The Washington PostDemocracy Dies in Darkness

Once the Democratic field starts to narrow, Biden’s path may get rockier

Joe Biden at the Iowa Democratic Wing Ding last week in Clear Lake. (John Locher/AP)
Placeholder while article actions load

At some point, some of the candidates seeking the Democratic Party’s 2020 presidential nomination will drop out of the race. Half of you are currently getting huffy, preparing to send me an email demanding I acknowledge former Colorado governor John Hickenlooper. The other half of you have never heard of John Hickenlooper in your life and suspect that I might be making him up.*

The point is that eventually some of the candidates that people support will start dropping out. And when they do, the people who support them will need to find a new candidate to back. (Or they might huffily swear off the primary, which is not uncommon.) That trickle of supporters between candidates is an important factor to consider in evaluating the state of the field. After all, you could be leading the pack right now, but if none of your opponents’ supporters likes you, you’re not going to gain ground as the field winnows, which is a problem.

We’re talking to you, Joe Biden.

A new poll from Pew Research Center doesn’t paint quite that dire a picture for the former vice president, but it’s also not the sort of poll he’s going to want to show to prospective endorsers.

As has been the case for a while, Biden continues to lead the field in Pew’s poll. He’s up 10 points on Sen. Elizabeth Warren (D-Mass.), who’s a bit ahead of Sens. Bernie Sanders (I-Vt.) and Kamala D. Harris (D-Calif.). South Bend Mayor Pete Buttigieg is in fifth, tied with … literally everyone else running.

Pew then asked those who had picked a candidate who their second choice might be. Eleven percent of that group picked Biden — a lower percentage than picked Warren, Sanders or Harris. Combining first and second choices, Biden and Warren are tied with the same level of support.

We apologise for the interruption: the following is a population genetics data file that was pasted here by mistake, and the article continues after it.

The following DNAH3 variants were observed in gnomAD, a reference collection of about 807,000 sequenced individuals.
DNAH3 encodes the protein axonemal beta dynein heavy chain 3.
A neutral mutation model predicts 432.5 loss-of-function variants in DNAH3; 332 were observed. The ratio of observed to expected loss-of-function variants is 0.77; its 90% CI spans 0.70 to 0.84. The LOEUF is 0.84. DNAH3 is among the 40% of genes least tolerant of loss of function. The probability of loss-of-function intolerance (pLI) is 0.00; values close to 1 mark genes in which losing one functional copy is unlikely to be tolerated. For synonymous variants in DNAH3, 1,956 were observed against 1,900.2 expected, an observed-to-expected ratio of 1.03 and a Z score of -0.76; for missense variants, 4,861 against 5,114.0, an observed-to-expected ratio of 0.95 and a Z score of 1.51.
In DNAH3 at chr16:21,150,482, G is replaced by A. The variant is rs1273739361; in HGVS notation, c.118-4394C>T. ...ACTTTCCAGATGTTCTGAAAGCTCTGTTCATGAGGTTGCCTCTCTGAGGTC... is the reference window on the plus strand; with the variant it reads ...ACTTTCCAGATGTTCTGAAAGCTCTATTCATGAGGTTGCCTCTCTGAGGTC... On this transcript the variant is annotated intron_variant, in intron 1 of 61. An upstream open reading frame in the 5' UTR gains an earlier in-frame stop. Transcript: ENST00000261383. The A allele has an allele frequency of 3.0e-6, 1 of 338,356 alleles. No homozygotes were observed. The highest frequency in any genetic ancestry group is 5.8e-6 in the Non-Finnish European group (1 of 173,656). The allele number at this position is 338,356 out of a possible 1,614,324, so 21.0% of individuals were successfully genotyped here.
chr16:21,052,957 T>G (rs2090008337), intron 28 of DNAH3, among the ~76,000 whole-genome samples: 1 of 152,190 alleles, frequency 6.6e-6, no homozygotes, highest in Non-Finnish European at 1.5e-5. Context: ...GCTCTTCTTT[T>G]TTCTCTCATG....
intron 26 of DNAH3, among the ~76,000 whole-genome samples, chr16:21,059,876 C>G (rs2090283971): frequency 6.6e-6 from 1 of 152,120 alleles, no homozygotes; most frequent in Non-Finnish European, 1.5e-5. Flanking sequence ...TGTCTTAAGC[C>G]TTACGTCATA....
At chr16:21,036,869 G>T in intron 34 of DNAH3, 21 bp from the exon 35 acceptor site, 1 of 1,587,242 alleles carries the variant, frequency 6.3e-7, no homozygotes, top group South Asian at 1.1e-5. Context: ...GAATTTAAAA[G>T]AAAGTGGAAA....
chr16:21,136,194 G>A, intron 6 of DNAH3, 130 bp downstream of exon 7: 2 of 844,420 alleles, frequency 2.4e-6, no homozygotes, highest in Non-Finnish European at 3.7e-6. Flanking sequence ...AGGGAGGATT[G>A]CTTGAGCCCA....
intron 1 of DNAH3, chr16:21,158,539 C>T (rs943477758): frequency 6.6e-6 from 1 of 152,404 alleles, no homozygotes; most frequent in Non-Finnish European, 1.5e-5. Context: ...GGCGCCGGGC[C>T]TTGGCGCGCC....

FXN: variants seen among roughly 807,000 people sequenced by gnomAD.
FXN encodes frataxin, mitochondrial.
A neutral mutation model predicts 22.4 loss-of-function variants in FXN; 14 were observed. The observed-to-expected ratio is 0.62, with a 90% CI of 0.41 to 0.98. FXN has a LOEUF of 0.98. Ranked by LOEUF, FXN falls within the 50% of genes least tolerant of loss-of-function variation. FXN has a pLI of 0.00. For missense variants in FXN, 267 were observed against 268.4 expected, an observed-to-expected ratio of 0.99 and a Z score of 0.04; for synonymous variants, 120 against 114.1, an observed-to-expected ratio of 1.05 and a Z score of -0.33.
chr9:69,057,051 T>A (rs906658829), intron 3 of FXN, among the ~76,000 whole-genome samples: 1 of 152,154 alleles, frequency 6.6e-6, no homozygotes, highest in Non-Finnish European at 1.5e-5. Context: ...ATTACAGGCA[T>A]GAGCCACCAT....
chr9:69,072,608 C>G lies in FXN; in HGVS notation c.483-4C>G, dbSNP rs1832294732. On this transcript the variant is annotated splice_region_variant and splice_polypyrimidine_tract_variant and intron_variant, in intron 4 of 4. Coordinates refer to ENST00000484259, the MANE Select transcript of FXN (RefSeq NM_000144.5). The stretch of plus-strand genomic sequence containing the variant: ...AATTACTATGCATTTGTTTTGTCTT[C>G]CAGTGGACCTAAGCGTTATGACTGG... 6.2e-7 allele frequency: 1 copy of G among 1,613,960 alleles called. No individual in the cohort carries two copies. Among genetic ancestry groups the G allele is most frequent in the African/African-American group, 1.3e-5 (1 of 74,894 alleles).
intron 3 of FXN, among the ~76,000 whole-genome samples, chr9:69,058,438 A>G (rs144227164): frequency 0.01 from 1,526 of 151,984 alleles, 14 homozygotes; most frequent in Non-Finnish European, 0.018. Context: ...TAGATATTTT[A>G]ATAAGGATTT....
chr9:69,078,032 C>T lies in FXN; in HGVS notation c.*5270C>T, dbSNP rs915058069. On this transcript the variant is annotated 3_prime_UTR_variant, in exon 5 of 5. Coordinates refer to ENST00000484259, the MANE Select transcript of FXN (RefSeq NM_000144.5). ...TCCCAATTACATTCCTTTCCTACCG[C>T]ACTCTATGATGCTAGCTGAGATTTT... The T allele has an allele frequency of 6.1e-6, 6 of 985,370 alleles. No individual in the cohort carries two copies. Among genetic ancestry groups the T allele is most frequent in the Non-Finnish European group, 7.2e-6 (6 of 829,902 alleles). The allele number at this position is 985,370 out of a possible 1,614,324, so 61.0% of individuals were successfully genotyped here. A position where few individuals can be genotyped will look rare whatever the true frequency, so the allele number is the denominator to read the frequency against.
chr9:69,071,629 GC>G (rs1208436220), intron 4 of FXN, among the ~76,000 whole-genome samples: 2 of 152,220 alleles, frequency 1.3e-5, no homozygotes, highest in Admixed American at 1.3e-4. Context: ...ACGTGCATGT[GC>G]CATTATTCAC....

Those numbers look a bit worse when you consider how the second choices were distributed. About a fifth of Biden supporters picked Warren as their second choice — but only 13 percent of Warren supporters picked Biden. Nearly 4 in 10 Warren supporters said Harris was their second choice, and 3 in 10 Harris supporters picked Warren.

Biden and Sanders supporters were both most likely to say they didn’t know who they would pick. Warren and Harris supporters were most likely to pick each other’s candidates.

That fits with another finding in Pew’s poll: Sanders and Biden supporters were most likely to say that they were enthusiastic about only their first choices. Eight in 10 Warren and Harris supporters said they were excited about several candidates.

About a quarter of Warren supporters said that Sanders was their second choice, and the same percentage of Harris supporters said the same about Biden. But while Warren was the second choice of at least a fifth of all of the other groups of voters and while Harris was the second pick of another fifth (except among Sanders backers), Biden and Sanders were relatively less likely to be identified as voters’ second choices.

The Washington Post’s Matt Viser analyzes a string of recent gaffes by Democratic presidential candidate Joe Biden and what they might mean in 2020. (Video: JM Rieger/The Washington Post, Photo: Melina Mara/The Washington Post)

Of course, it’s not likely to be any of those candidates who drops out first. It’s likely to be supporters of those “other” candidates — a group among whom 15 percent have identified Biden as their second choice. (Sanders fares even worse.) As the lower-tier candidates start to fade, Pew’s poll suggests that Warren will see the biggest gains.

It’s worth noting that, even without the field winnowing, Warren has already gained significant ground on Biden. In RealClearPolitics’ average of polls, Biden led Warren by 26 points on June 1 (with Sanders in between). Now, he leads her by 13.

Some voters, it seems, have already made new choices in the campaign.

* I am not.